How To Help Your Students Spot Fake News
In the era of fake news and ‘alternative facts’ we need to look closely at the words around us, and we rely on our teachers to help us parse meaning from a barrage of text. Here's a process for helping your students evaluate the quality of claims, sentence by sentence.
1) Strip the sentence down to the agents, actions, and objects.
Consider the sentence, ‘Winston Smith monumentally defeated the oppressive party.’
If we take out everything but the agents, actions, and objects, we get the skeleton of the sentence:
Winston Smith defeated the party.
2) Interrogate the Adjectives and Adverbs
What did we take out? The adverb monumentally and the adjective oppressive.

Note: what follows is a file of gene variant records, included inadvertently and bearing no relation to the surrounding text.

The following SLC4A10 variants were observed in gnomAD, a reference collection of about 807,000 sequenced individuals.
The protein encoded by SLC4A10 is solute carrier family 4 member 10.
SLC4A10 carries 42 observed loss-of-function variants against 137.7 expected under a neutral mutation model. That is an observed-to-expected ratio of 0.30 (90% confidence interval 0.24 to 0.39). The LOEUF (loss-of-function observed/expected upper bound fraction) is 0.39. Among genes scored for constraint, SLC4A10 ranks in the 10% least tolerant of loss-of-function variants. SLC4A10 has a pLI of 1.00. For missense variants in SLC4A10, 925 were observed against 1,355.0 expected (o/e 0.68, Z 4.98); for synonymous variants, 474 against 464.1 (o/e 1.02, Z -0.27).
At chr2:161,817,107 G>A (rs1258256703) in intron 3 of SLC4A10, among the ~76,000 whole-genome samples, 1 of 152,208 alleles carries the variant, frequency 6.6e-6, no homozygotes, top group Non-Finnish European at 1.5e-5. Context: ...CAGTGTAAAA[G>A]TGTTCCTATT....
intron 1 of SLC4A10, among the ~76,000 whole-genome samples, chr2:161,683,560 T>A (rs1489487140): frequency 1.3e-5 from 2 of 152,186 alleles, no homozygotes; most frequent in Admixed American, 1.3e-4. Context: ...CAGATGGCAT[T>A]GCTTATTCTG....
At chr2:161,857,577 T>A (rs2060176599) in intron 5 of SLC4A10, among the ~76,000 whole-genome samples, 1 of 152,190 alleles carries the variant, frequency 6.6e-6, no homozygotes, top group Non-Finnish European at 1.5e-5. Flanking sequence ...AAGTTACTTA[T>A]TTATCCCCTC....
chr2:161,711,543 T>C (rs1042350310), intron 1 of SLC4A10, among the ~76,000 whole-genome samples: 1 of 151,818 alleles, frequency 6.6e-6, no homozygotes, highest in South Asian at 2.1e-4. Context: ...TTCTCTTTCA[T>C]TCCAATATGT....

Adjectives and adverbs often spice up a sentence, specifying a noun or qualifying an action. But what tends to remain unclear for most adjectives and adverbs is the degree and perspective embedded in those words.
For perspective we may well ask, ‘to whom or by what standard is this party oppressive or this defeat monumental?’
For degree we may ask, ‘to what extent or relative to what else is this party oppressive or this defeat monumental?’
News that is fake or propagandistic tends to use modifiers that are extremely negative or extremely positive, and it is those words that we should scrutinize carefully.
3) Question the sources of information
Where did the writer get this fact? Are there other news outlets that are also reporting it? To evaluate this, we can Google either the original or the modifier-free skeleton of the sentence to discover whether other sources corroborate this information.